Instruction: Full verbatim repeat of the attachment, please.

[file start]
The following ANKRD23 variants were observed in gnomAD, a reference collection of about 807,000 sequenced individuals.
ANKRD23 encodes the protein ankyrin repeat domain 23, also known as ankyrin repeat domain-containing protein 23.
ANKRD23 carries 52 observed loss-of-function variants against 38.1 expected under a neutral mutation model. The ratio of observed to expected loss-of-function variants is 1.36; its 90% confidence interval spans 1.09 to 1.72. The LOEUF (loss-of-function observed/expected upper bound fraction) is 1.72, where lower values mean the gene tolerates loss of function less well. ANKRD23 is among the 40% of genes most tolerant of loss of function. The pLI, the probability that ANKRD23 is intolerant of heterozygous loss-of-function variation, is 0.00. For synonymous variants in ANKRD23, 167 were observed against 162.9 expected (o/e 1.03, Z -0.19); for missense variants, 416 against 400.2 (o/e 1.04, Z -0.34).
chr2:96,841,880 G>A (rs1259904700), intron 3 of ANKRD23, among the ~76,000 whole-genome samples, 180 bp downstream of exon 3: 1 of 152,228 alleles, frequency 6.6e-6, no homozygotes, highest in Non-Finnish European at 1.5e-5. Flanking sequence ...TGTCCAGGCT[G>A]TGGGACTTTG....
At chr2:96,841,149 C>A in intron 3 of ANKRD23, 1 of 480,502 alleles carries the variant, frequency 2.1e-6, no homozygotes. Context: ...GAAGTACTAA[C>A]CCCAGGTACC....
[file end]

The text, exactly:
The following ANKRD23 variants were observed in gnomAD, a reference collection of about 807,000 sequenced individuals.
ANKRD23 encodes the protein ankyrin repeat domain 23, also known as ankyrin repeat domain-containing protein 23.
ANKRD23 carries 52 observed loss-of-function variants against 38.1 expected under a neutral mutation model. The ratio of observed to expected loss-of-function variants is 1.36; its 90% confidence interval spans 1.09 to 1.72. The LOEUF (loss-of-function observed/expected upper bound fraction) is 1.72, where lower values mean the gene tolerates loss of function less well. ANKRD23 is among the 40% of genes most tolerant of loss of function. The pLI, the probability that ANKRD23 is intolerant of heterozygous loss-of-function variation, is 0.00. For synonymous variants in ANKRD23, 167 were observed against 162.9 expected (o/e 1.03, Z -0.19); for missense variants, 416 against 400.2 (o/e 1.04, Z -0.34).
chr2:96,841,880 G>A (rs1259904700), intron 3 of ANKRD23, among the ~76,000 whole-genome samples, 180 bp downstream of exon 3: 1 of 152,228 alleles, frequency 6.6e-6, no homozygotes, highest in Non-Finnish European at 1.5e-5. Flanking sequence ...TGTCCAGGCT[G>A]TGGGACTTTG....
At chr2:96,841,149 C>A in intron 3 of ANKRD23, 1 of 480,502 alleles carries the variant, frequency 2.1e-6, no homozygotes. Context: ...GAAGTACTAA[C>A]CCCAGGTACC....